McGREGOR RANGE, N.M. – Guardsmen from the 72nd Infantry Brigade Combat Team felt the effects of thousands of volts throughout their body as they were tased during detainee operations training here.
"Once you tase somebody, they're done," said Staff Sgt. Richard Clarke, an observer controller/trainer from the 3rd Battalion, 358th Field Artillery Regiment. "There's nothing they can do. The average person — when you tase them — they're going down."
Sgt. Jimmy Burnett of D Company, 1st Battalion, 141st Infantry Regiment, 72nd IBCT, said before he was shocked, he thought he could overpower the taser.
"My intention was to resist it as much as possible," said Burnett. "I was thinking there would probably be a chance of resistance and that you could probably fight it off with a little bit of effort. That was my first thought."
The taser, can effectively stop an assailant, said Clarke. Soldiers develop confidence in the capability of the weapons by being at the receiving end, he said.
After being tased, Burnett had a totally different opinion about the effectiveness of the taser.
"I have a hundred percent confidence in it now," he said.
"Everything that they're learning here is completely non-lethal," said Clarke. "Everybody in the Army already knows how to use lethal force."
Observer controller/trainers taught the Guardsmen how to dissolve a situation before it escalates to where they have to use life-threatening alternatives, said Clarke. The instruction included other non-lethal methods — unarmed self-defense, riot control and oleoresin capsicum. Clarke said OC is the very last resort used because it is the most extreme use of non-lethal force.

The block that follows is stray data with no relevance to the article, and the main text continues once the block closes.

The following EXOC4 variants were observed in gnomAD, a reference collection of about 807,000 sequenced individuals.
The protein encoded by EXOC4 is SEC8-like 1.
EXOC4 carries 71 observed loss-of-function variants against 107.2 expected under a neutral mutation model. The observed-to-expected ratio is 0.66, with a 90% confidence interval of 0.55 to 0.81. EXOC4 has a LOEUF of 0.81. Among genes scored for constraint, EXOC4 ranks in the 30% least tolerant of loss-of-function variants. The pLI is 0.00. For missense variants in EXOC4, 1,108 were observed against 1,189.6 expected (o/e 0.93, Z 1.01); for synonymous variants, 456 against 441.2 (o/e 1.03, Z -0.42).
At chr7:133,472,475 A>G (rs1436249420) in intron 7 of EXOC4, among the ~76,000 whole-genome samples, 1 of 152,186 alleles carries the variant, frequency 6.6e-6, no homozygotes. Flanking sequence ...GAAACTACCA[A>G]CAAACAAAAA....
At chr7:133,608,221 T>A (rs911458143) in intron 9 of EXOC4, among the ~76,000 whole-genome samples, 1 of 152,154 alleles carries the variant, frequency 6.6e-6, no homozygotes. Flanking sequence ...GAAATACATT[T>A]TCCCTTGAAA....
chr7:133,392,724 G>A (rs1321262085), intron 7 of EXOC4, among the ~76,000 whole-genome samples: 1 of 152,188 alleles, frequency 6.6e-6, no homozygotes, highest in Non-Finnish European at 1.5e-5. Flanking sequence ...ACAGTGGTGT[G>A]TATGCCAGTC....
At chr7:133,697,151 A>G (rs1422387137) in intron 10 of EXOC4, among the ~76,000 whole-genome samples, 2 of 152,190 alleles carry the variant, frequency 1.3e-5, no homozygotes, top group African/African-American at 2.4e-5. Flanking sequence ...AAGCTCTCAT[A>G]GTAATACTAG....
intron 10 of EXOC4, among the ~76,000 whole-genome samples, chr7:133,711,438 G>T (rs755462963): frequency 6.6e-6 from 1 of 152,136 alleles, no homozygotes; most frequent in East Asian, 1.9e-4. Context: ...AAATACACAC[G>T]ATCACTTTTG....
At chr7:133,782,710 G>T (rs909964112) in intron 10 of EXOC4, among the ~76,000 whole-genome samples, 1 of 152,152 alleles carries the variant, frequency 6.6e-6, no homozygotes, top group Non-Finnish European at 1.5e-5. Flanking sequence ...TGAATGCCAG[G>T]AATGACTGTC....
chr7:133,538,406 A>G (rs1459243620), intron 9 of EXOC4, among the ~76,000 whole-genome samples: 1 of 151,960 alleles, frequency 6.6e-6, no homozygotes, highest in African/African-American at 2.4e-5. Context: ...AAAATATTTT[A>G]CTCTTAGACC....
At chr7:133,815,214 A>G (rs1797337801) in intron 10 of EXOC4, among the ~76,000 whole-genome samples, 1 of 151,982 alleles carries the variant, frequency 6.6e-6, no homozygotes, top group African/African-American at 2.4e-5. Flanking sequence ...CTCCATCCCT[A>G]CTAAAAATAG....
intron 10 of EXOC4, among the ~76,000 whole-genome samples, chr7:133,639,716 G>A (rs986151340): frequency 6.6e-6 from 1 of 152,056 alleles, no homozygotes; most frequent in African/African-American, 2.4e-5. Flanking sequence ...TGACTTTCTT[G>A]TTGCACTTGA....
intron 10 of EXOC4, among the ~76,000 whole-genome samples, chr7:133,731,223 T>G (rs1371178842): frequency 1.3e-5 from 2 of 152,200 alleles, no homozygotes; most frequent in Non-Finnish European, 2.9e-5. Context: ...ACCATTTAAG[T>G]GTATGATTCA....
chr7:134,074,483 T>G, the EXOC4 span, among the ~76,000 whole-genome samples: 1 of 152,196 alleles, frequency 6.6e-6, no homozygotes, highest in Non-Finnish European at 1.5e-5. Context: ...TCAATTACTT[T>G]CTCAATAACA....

"In my opinion [being sprayed with oleoresin capsicum] should be mandatory for all Soldiers who are in combat arms," said Staff Sgt. Cristobal Trevino, D Co., 1st Bn, 141st Inf. Regt.
Trevino said the reason why you want to have each Soldier experience the feeling of OC is in the case a riot breaks out and it is used.
"If you start spraying into the crowd, you just might get some sprayed on you — so you have to get that feeling as well," said Trevino.
Clarke said the goal of training the Guardsmen in the use of non-lethal weapons is to show them there are other alternatives.
"Non-lethal is definitely the way to go," he said. "You live to fight another day — be you the detainee or be you the person that used the non-lethal force — you live to fight another day."